Listening to Michael Vaughan (yes, him again) discussing England’s T20 and limited overs squad, one would have thought they had conquered the limited overs world.
In the merry mind of skipper Eoin Morgan, this team is the best he has ever played in. But the Irishman did include a telling caveat: “We have a huge amount of talent but extracting that talent and converting that into wins and results is the challenge for us.”
Five fifty-over series wins out of the last eight makes decent reading but is by no means outstanding. When England were crushing a very poor Sri Lankan team 3-0 last summer, Vaughan swooned: “This side are fantastic to watch – they have options, combinations, power, mystery, a great attitude and genuine world-class players.” Hang on. Hang on. Steady. Let’s not overhype the product. Yes, they are more exciting than Jonathan Trott scoring 80 off 112 balls, but let’s get a grip. Mystery? I don’t think they play straight balls from spinners too well. That’s a mystery.
Putting a positive spin on this, the Three Lions have certainly found power combinations that are more interested in clearing the ropes than playing cricket in an outdated Twentieth Century torpor. The mentality has changed, the players have freedom and it’s just better to watch. However, the skill sets are still holding them back in terms of delivering under pressure when the stakes are higher.
“We’re certainly not world-class players of spin,” admitted a brutally frank Trevor Bayliss after the debacle of the final T20 in Bangalore where his team suffered the ignominy of the second worst eight-wicket collapse in international history.
“I’d like to see our guys hit down the wicket rather than sweep sometimes.
“A lot of times the guys have been out playing across the line but that’s something we can learn from and make sure we’re better at next time we play here.”
Take the utter capitulation yesterday. Morgan had just hit three sixes in one over off Suresh Raina to get England going, but in the next set of six only three singles were secured against Amit Mishra. Both set batsmen were struggling to work the ball off the pitch. One cannot imagine Dhoni and Yuvraj getting bogged down. This is where England lack a bit of a brains trust to consolidate the work of the previous over. Time and time again on this tour, Virat Kohli has hinted at the opposition’s ability to panic and this seemed like a case in point. Morgan swiped, Root played across the line and the game was up.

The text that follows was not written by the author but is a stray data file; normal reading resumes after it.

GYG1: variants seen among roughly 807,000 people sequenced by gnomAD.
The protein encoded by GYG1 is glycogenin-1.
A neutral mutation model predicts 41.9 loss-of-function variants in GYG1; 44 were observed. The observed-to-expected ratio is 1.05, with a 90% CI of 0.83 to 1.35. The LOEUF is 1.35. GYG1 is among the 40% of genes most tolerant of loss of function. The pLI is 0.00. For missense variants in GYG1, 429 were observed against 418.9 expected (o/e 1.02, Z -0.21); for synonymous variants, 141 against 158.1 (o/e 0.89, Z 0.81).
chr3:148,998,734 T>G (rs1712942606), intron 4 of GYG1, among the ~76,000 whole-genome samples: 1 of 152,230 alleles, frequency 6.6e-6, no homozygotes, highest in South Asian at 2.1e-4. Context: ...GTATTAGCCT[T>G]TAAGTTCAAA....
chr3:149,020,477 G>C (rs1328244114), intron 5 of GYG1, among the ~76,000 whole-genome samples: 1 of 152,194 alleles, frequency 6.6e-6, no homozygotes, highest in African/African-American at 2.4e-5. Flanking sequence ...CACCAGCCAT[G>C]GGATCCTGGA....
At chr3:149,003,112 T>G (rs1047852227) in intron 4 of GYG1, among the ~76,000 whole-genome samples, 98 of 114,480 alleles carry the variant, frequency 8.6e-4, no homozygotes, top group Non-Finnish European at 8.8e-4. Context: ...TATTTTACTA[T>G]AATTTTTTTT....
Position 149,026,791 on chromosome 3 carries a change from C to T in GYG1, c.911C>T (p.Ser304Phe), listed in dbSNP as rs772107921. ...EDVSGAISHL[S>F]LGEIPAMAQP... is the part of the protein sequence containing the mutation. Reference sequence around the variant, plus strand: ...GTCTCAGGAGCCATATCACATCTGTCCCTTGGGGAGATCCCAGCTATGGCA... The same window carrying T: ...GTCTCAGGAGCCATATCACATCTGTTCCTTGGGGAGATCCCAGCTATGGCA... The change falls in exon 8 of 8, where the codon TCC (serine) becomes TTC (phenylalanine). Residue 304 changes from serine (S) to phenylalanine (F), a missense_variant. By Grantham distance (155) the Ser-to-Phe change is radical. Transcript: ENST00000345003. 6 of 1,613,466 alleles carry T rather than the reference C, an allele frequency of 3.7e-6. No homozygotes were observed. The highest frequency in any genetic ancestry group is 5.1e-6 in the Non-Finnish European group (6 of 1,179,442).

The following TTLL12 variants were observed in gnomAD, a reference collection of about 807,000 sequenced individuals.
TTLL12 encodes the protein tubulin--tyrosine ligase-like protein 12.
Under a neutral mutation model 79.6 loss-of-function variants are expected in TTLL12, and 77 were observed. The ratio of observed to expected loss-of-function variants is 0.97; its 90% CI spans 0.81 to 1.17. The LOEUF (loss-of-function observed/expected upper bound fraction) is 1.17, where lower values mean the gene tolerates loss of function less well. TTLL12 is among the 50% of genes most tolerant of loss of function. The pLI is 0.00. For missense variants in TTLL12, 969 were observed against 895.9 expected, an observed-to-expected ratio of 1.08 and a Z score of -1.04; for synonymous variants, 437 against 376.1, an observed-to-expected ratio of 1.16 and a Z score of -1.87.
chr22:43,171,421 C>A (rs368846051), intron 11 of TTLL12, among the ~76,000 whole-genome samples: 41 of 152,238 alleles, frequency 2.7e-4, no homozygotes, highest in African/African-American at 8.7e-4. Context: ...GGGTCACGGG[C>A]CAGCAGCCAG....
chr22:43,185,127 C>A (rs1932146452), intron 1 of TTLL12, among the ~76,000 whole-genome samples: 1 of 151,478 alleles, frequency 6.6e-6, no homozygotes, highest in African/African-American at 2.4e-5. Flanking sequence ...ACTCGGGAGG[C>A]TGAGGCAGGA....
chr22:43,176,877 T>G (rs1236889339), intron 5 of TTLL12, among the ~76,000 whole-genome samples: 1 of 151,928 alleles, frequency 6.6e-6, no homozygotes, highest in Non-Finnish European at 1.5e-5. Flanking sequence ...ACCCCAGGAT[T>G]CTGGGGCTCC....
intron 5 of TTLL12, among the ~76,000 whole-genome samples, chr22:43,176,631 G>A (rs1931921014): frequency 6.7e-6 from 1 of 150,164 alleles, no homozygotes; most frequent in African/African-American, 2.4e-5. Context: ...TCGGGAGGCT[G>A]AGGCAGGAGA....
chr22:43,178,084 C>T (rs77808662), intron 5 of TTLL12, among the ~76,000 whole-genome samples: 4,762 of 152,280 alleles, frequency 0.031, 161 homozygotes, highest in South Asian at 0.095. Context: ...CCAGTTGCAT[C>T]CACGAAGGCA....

The percentage shots are not always taken and the idea of muscling everything up, up and away cannot work for every ground, especially when the pitch is as two-paced as it was yesterday. Clearly, Bayliss has identified a problem and spelt it out in no uncertain terms.
The other issue England have is that so often good starts are not converted into bigger scores. Jason Roy, despite his good one-day series and overall average, is a typical case in point in the 50 over format. Root is also duplicating his Test abilities of reaching fifties and not going on. The only centurion of the camp was the captain himself in a losing cause at Cuttack where the tourists were chasing an improbable 381. Just look what happens when a promising partnership broke yesterday. Promising has to become pivotal. England look good but they are not ruthless enough when opportunities arise. They had India down at 63-4 in Pune but the hosts reached 351 easily in the end. That shouldn’t happen.
This is the task facing Bayliss. England have batting bullies but they need someone who has the conviction to finish games. They also need a bowling attack that can control and mix it up without getting intimidated by two well-set batters. They need a spinner. Boy, do they need some guile. When the pressure ratchets up in a global tournament, there will be no hiding place. That is when we will see if they are world-class or not.